As well as uniting those customer bases, O2 and Virgin Media say they plan to spend £10bn over five years on expanding gigabit broadband and 5G infrastructure (always a good way to encourage regulatory approval for a merger). That could make their combined network attractive compared to those of the non-converged players, and enable them to differentiate against that of BT/EE, at least in certain targeted areas or customer bases.

In a joint statement the two operators announced that O2 would be “transferred into the joint venture on a debt-free basis, while Virgin Media to be contributed with £11.3bn of net debt and debt-like items.” Telefónica will receive £5.7bn and Liberty Global £1.4bn, though the new entity will start life with £18bn in long term debt.

Telefónica’s CEO, José María Álvarez-Pallete, was keen to dampen speculation that this might be a first step to a welcome exit from a UK market that is highly saturated and about to leave the European Union. He said the UK was “one of the most attractive markets on earth… even considering Brexit” and added: “We are both coming to the joint venture with the expectation we will remain partners. We don’t come into this with the expectation that we will turn right or left at a certain point of time.” But he did hint at a later IPO, saying that if a stock market listing were to “come down the road, it can provide a transparency of value and give people the chance to own part of a national champion,” perhaps in as few as three years’ time.

The new partners say merged operations will deliver proposed synergies of £6.2bn ($7.7bn) and an investment of £10bn ($12.4bn) into the UK market over the next five years.

The merged company will have an eight-member board of directors, four from Liberty Global and four from Telefónica. The chairman’s post will rotate every two years and Mike Fries will be the first in the role.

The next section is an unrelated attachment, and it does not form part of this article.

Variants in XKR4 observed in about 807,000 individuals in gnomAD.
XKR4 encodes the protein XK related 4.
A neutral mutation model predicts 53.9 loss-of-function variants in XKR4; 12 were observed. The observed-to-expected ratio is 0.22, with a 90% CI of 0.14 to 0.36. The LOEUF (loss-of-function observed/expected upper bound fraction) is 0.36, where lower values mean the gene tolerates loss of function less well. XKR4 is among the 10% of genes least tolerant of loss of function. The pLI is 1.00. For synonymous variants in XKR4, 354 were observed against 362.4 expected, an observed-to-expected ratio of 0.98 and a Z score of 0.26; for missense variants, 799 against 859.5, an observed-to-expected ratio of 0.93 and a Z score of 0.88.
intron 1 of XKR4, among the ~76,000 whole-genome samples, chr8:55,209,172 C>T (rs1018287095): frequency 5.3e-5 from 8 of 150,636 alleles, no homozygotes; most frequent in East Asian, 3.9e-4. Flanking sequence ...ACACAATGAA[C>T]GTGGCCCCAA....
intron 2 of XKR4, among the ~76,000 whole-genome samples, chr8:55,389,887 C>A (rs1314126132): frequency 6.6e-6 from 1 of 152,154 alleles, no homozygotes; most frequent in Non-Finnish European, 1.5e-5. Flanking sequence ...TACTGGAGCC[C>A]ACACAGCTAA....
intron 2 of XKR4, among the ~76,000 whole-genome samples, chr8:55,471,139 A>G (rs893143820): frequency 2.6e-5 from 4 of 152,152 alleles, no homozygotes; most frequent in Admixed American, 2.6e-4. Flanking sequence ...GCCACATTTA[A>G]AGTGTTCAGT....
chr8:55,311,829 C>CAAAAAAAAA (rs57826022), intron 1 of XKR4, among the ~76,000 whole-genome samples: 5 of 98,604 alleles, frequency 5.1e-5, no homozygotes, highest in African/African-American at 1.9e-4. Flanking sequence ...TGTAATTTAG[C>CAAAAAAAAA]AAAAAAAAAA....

Of course, competition regulators may still scupper the deal, or there could be a counter-offer from Virgin Media’s previous suitor, Vodafone. But while Liberty shareholders might be tempted by a strong Vodafone offer, as they have been recently in Germany and Eastern Europe, that deal would be less likely to satisfy regulators. Vodafone has about 2.9m fixed broadband subscribers in the UK and some 18m mobile customers, so Vodafone/Virgin Media would clearly be too powerful in fixed broadband, pay-TV and mobile.

Virgin Media has been actively driving its own fixed/mobile convergence strategy through its MVNO service, which runs on the EE mobile network. And in September 2019, Liberty Global teamed up with rival Sky to launch a new subsidiary called Liberty Fibre. This established a collaboration which could see Sky swap its current wholesale partner Openreach for Virgin Media.

In short, Sky and Liberty – two fierce video rivals – are buddying up to take on BT in a move which is sure to ruffle some regulatory feathers. Liberty Fibre wants to roll out full-fiber network infrastructure in rural areas, in a project which requires some serious financial backing, so having Sky on board as an investor as well as a wholesale customer would be a brilliant bit of business by Liberty.